Novato police officers stumbled across evidence in two stolen vehicle cases late Friday morning with the aid of an Automated License Plate Reader, a relatively recent addition to the department. Sergeant Nicholas Frey detailed the incident in a Novato Police Department press release.
Officer Melissa Hinkle was on a routine patrol along Grant Avenue in a vehicle equipped with an ALPR device at 11:48 a.m. when the camera spotted a license plate associated with a stolen vehicle. A 2007 Range Rover parked at 1769 Grant Avenue was found to be carrying the license plate of a 2004 Toyota stolen from Oakland. A subsequent check of the Range Rover’s vehicle identification number found that it had also been stolen from San Francisco. The theft of the Range Rover took place this March, according to NPD Lieutenant John McCarthy.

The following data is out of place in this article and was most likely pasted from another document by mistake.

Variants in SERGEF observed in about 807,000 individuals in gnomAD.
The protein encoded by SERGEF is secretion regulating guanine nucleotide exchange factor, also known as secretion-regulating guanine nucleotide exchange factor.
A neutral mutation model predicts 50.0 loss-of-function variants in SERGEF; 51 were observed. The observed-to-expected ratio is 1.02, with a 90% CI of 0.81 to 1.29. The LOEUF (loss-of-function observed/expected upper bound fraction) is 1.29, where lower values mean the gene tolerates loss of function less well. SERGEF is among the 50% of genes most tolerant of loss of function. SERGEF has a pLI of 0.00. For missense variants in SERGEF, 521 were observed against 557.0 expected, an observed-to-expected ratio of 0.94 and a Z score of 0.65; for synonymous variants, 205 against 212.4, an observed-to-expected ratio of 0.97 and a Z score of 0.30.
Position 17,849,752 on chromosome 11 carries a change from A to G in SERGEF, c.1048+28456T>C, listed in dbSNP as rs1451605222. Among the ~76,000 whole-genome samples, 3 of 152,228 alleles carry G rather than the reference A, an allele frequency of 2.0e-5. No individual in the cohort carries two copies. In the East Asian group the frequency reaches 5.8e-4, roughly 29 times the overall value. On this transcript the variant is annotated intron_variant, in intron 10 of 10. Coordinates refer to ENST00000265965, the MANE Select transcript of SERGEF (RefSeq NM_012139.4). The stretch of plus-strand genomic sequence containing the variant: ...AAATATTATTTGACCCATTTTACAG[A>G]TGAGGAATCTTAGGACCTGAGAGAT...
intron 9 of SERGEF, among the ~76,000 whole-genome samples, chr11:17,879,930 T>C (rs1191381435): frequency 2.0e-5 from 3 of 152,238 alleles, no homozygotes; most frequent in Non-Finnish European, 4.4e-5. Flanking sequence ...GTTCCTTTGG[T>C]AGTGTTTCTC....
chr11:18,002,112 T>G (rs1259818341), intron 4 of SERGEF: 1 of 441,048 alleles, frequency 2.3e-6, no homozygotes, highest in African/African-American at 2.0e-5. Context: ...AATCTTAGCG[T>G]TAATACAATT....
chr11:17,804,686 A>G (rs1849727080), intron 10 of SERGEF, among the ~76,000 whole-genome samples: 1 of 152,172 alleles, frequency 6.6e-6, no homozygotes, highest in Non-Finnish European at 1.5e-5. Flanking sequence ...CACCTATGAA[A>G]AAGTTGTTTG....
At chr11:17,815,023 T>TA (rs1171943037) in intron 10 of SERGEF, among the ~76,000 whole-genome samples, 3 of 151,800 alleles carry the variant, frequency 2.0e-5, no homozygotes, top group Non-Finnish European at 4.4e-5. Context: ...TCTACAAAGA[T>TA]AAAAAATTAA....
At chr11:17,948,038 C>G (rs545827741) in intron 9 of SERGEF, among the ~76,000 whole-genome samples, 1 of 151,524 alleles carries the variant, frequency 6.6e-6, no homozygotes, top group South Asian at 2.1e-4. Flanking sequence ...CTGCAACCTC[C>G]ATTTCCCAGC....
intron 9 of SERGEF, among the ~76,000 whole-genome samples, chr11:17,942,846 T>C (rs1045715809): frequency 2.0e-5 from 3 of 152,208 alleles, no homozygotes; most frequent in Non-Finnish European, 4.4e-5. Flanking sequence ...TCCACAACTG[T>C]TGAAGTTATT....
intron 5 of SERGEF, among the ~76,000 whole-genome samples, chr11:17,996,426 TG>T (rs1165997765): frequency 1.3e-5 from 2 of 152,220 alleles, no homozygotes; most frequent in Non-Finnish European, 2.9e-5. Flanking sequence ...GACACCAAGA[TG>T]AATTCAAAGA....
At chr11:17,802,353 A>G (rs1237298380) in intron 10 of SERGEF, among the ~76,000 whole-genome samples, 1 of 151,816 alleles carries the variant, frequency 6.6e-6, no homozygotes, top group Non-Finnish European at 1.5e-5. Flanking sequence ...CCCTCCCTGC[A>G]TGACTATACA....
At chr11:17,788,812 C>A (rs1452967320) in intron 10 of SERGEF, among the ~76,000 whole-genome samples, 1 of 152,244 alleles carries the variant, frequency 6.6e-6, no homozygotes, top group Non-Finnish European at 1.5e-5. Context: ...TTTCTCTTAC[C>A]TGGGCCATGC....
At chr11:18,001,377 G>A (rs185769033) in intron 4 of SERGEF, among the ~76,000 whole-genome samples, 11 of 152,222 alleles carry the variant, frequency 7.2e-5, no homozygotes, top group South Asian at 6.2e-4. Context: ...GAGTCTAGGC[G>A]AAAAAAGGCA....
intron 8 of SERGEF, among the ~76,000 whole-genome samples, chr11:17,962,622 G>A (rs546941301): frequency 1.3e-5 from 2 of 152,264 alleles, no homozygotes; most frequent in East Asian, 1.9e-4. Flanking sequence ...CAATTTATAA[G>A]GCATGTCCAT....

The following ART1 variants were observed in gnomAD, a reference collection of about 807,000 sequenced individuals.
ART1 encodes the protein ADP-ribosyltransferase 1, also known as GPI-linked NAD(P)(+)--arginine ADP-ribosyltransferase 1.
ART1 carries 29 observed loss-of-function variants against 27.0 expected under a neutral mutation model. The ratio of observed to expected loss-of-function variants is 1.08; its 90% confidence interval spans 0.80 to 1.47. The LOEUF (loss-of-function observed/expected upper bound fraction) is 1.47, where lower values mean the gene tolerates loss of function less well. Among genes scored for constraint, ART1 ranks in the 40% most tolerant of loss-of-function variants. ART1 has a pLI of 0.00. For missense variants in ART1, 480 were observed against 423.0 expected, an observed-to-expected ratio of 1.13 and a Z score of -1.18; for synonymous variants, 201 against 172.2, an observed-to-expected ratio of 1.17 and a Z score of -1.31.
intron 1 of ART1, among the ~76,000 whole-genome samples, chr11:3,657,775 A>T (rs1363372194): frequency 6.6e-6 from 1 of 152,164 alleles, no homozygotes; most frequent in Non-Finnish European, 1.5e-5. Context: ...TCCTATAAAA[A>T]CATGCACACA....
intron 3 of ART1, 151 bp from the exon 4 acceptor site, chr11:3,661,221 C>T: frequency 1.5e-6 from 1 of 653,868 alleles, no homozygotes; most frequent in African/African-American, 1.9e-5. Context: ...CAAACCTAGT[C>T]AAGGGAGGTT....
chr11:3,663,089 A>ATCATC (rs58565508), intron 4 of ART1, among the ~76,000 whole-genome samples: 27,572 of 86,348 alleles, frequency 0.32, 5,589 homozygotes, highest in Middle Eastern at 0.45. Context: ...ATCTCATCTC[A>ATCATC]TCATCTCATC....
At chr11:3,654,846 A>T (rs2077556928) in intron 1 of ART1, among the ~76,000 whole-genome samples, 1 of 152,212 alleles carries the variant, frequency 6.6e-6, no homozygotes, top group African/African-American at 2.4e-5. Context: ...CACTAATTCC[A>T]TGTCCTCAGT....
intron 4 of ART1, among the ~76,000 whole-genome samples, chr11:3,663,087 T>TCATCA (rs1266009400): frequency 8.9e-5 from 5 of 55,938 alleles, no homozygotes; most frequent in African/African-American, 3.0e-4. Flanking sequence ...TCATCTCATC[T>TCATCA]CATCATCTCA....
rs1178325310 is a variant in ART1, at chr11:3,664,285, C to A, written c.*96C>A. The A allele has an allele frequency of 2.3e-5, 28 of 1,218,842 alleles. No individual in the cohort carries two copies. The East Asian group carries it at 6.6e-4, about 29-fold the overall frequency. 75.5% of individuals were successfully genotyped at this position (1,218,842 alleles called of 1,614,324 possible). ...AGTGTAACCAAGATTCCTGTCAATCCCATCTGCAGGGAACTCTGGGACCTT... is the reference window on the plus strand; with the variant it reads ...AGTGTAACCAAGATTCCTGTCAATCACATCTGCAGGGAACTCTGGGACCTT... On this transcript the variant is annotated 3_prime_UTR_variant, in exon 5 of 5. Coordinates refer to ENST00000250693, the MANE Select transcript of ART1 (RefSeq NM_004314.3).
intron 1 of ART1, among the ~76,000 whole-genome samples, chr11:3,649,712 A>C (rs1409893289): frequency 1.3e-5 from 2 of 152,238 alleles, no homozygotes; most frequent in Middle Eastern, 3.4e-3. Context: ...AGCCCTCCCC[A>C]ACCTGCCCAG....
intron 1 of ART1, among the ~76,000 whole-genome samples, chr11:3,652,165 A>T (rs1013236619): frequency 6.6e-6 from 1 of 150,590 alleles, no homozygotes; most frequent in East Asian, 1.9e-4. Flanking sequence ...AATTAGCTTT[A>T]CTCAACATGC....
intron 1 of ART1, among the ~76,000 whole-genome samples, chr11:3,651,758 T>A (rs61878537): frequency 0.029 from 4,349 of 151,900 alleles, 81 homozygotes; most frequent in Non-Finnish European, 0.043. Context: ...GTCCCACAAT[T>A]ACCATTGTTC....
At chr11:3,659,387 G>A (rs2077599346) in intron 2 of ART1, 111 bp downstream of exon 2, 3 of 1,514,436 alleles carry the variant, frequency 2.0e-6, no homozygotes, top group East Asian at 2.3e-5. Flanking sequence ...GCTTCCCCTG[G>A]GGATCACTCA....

Officers found William Millan, a 31-year-old Novato resident, nearby and established that he had been driving the Range Rover. Officers arrested Millan on and booked him into Marin County Jail on possession of a stolen vehicle.
McCarthy explained that “the case is still open,” but that officers have yet to determine whether there will be additional arrests in relation to the thefts of the two vehicles.
ALPRs include mounted cameras that scan license plates as patrol officers drive by. The plates are digitally checked against a database of cars that have been stolen or are associated with other crimes, and the console inside the patrol car alerts officers when a match is detected. NPD has employed these devices on a number of patrol cars since August 2012.
Though the department has not compiled statistics regarding the effectiveness of ALPRs, McCarthy said, “They’ve helped locating vehicles that would not raise our suspicions otherwise.”